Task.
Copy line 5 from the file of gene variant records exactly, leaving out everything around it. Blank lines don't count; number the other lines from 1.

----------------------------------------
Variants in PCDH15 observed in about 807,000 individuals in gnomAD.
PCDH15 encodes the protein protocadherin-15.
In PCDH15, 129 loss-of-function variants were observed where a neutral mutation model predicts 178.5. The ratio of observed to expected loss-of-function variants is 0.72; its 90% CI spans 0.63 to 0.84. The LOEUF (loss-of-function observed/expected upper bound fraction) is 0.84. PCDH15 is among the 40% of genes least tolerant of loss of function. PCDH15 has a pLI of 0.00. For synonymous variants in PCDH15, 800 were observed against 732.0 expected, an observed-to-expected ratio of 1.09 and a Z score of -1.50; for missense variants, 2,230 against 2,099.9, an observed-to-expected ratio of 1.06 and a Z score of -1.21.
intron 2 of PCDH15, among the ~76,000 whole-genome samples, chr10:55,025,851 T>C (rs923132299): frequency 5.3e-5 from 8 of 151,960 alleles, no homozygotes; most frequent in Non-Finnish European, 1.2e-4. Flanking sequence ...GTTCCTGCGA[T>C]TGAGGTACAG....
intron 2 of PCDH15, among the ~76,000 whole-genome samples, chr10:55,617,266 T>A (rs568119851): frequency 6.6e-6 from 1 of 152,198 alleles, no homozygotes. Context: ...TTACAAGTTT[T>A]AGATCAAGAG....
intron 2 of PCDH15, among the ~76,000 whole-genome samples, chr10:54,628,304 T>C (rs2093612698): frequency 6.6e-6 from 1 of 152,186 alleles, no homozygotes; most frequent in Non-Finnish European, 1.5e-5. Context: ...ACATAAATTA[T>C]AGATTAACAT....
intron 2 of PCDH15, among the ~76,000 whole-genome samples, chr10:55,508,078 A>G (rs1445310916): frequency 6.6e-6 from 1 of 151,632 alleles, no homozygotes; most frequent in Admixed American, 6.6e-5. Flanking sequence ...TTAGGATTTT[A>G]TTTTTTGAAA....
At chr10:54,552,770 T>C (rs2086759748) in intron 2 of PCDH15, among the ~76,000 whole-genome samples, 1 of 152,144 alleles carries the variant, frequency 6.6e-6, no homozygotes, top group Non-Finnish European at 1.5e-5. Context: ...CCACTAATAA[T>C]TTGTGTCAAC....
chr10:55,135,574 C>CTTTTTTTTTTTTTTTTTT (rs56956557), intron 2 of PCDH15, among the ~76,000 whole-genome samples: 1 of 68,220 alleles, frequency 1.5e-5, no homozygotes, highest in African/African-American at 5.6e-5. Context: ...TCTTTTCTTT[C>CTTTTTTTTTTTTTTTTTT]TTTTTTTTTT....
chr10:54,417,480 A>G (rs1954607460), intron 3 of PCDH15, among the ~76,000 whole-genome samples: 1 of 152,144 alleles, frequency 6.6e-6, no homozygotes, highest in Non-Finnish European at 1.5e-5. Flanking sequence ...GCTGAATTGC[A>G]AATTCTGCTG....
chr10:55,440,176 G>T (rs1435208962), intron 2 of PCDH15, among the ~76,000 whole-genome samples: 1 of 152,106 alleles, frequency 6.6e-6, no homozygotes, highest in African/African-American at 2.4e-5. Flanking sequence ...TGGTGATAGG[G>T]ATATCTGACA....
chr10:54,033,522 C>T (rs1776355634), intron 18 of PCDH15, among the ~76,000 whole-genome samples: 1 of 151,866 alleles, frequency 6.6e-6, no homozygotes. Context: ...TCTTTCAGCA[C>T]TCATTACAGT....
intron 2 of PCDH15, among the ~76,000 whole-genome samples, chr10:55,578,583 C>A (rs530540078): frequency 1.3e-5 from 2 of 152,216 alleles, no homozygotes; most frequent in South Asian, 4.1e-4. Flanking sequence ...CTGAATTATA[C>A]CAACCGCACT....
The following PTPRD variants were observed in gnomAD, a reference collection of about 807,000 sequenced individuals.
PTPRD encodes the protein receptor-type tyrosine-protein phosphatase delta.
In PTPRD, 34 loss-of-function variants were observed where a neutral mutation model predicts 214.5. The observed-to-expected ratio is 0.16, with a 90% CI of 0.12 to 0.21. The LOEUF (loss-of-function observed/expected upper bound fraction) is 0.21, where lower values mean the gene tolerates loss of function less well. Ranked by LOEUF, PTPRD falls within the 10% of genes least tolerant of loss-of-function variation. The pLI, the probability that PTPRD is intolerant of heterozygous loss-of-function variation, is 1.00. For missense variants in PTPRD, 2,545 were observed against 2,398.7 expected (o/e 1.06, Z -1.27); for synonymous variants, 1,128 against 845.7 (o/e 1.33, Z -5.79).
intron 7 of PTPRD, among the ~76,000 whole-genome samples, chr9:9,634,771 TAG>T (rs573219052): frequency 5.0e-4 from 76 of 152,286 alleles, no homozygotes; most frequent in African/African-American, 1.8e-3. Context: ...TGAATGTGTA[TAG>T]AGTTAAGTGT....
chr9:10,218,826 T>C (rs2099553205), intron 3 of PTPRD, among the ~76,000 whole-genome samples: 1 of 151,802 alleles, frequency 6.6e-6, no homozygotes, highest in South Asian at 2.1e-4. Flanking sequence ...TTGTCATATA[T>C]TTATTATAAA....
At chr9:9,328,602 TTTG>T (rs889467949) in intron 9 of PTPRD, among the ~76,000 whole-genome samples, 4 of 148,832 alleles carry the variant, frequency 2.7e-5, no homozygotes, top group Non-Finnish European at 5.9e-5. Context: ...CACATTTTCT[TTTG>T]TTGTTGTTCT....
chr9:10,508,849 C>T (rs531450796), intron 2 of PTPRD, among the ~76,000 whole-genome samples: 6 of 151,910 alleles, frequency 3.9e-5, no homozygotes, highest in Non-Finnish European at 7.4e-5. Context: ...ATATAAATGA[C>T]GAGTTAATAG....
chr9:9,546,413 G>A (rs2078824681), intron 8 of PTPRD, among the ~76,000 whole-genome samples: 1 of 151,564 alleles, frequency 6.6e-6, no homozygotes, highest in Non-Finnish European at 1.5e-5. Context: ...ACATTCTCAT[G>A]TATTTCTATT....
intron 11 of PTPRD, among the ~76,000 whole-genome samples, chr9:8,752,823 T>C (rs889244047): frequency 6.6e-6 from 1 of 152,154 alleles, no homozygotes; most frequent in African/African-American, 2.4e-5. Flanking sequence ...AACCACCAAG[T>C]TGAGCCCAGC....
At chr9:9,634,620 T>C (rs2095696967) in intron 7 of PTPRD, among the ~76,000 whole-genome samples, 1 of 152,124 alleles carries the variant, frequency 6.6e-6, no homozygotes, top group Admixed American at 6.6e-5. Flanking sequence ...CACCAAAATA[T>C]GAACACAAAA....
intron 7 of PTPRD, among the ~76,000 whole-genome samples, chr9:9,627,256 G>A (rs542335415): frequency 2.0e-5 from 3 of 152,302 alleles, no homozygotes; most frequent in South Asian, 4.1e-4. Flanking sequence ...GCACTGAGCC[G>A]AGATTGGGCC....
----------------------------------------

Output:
intron 2 of PCDH15, among the ~76,000 whole-genome samples, chr10:55,617,266 T>A (rs568119851): frequency 6.6e-6 from 1 of 152,198 alleles, no homozygotes. Context: ...TTACAAGTTT[T>A]AGATCAAGAG....